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Thursday, 20 September 2012

Five Plays that Paid Off - Week 2: How to Fake It Convincingly

With a few hours to go before Week 3 kicks off, it's high time for some breakdowns of the Five Plays that Paid Off for Week 2! Alas, I have been away from the TPL London branch (a.k.a. my house) for most of the week, and have only just been reunited with my trusty whiteboard, so without too much further ado, here's our first Play that Paid Off.

This play, some special teams trickery from last week's TNF, was nominated by Greg Roscow (@gregroscow) - nice one Greg! You too can nominate a play to be broken down by tweeting a description of the play you'd like to see analysed, with the hashtag #TPL5plays - if you are the first person to nominate a play we end up using, you'll get a mention in the blog just like Greg. Alternatively, you can nominate a play in our Facebook group. What, you mean you're not a member of our Facebook group yet? You're missing out! Make sure you join the group to take part in our regular polls, debates and arguments. Anyway, on with the play!

NB: As usual, the diagrams are only approximate guides to the action, and are not drawn to scale.

Chicago Bears @ Green Bay Packers, 2nd quarter, 1:56 left on the clock, 4th & 26

Watch the play here

Packers: field goal formation
Personnel: #83 Tom Crabtree (up-back, left), #99 Jerel Worthy (TE, left), #74 Marshall Newhouse (LT), #67 Don Barclay (LG), #61 Brett Goode (LS), #71 Josh Sitton (RG), #70 T.J. Lang (RT), #62 Evan Dietrich-Smith (TE, right), #75 Bryan Bulaga (up-back, right), #2 Mason Crosby (K), #8 Tim Masthay (holder)

Bears: field goal block formation
Personnel: #98 Corey Wootton (RDE), #90 Julius Peppers (RDT), #71 Israel Idonije (LDT), #69 Henry Melton (LDE), #53 Nick Roach (WLB), #54 Brian Urlacher (MLB), #97 T.J. Thomas (SLB), #33 Charles Tillman (RCB), #14 Eric Weems (LCB), #20 Craig Steltz (FS), #47 Chris Conte (SS)

Fig 1
After the huddle/pre-snap: The Packers line up in a standard FG formation. Despite listing them at traditional base formation positions, the Bears actually line up as 8 defenders on the LOS, with the four 'DL' shifted towards their right, over the kicker, while the four DBs are lined up symmetrically, with the 'safeties' lined up shading the outside of the up-backs and the 'corners' lined up just outside the safeties. The three linebackers are standing right up against Peppers, Idonije and Melton. (Fig 1)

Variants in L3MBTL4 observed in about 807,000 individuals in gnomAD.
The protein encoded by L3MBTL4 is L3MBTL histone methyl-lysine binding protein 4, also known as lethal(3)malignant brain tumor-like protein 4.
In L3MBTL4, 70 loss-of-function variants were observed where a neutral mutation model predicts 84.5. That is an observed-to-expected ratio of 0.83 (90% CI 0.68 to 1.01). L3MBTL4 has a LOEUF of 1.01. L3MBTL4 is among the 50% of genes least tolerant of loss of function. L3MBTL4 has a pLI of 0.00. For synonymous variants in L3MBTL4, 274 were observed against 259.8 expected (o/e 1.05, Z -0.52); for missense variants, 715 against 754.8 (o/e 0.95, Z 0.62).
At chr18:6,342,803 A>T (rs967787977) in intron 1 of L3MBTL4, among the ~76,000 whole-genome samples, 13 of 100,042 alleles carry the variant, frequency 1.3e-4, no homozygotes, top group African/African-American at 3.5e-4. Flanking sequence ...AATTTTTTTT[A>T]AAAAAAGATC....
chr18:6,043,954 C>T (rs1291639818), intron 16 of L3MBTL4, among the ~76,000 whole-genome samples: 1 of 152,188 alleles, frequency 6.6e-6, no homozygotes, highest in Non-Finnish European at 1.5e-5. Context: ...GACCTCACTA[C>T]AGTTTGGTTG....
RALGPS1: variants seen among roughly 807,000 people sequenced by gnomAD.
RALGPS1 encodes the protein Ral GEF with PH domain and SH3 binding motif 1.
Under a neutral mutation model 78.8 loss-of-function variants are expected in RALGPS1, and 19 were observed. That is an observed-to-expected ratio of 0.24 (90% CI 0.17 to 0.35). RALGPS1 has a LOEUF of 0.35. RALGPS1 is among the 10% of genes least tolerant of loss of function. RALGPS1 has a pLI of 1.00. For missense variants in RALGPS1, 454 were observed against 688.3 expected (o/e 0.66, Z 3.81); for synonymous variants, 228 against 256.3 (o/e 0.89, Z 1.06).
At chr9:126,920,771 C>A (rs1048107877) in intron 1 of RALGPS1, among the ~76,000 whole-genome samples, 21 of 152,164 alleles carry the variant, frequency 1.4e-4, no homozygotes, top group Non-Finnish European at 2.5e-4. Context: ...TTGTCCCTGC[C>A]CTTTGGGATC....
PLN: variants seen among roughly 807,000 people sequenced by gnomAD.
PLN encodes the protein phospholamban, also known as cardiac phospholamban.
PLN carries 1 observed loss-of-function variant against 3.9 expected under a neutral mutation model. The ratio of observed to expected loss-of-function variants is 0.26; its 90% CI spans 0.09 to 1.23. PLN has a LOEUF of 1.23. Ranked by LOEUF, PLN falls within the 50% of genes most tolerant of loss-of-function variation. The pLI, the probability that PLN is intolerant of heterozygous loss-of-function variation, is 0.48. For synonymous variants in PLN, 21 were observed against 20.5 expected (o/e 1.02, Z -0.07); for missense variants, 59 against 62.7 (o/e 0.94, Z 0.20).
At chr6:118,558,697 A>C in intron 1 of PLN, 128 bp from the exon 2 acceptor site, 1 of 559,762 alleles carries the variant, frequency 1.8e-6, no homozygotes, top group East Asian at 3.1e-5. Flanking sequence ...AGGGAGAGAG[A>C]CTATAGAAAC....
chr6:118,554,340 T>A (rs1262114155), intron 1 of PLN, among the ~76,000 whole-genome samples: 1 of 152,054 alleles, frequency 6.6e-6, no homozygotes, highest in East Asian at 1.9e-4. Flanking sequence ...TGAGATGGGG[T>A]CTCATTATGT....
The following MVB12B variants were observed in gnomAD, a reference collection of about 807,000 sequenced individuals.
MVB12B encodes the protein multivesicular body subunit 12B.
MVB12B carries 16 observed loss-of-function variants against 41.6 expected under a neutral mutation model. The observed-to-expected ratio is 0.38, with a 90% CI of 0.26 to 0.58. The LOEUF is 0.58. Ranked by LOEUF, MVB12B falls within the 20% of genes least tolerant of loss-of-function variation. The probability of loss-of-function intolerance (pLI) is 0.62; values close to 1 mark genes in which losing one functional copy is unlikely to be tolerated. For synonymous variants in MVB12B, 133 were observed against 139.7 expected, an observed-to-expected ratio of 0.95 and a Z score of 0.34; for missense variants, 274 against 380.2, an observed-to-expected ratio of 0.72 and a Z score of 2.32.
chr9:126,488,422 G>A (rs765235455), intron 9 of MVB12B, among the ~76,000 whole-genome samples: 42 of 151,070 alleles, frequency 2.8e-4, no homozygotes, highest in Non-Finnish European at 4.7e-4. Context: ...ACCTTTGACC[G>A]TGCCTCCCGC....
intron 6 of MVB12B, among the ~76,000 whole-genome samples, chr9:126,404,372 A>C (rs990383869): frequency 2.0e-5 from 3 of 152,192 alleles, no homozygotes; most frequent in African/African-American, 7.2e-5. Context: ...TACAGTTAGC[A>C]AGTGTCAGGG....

The thing in particular about this play is that as tricky as one might imagine a fake field goal to be, the play is actually very simply designed - something that no doubt helps it, as when trying a play in such unconventional circumstances, then the more simply the play is drawn up, the clearer each player's assignment is - and by extension, the more straightforward it should be for those players to execute their assignments.

The play's success is predicated on four key elements of the play, signified, as always, by letters. (Fig 2)

The play: The play itself is essentially a sweep with a pulling guard as a lead blocker - the only real difference being the ball carrier doesn't take a handoff from a QB. Crabtree, in at up-back, pivots and runs across the formation, receiving a shovel pass from Masthay as he sweeps (marked by the green dotted line). The most difficult part of the play's success is making sure that Masthay is able to make that shovel pass without being disrupted by the defense, as the play appears to be designed to go to Crabtree and Crabtree only, with no 'hot' read in case the defense came at him fast. We can see clearly how the Packers addressed this at point 'A'. Kicker Mason Crosby, after taking a dummy step towards the holder, immediately runs to the flat; this has the intended reaction - it causes Charles Tillman, who has come through unblocked due to Crabtree sweeping, to peel off and cover him, instead of continuing towards the backfield and hitting Masthay.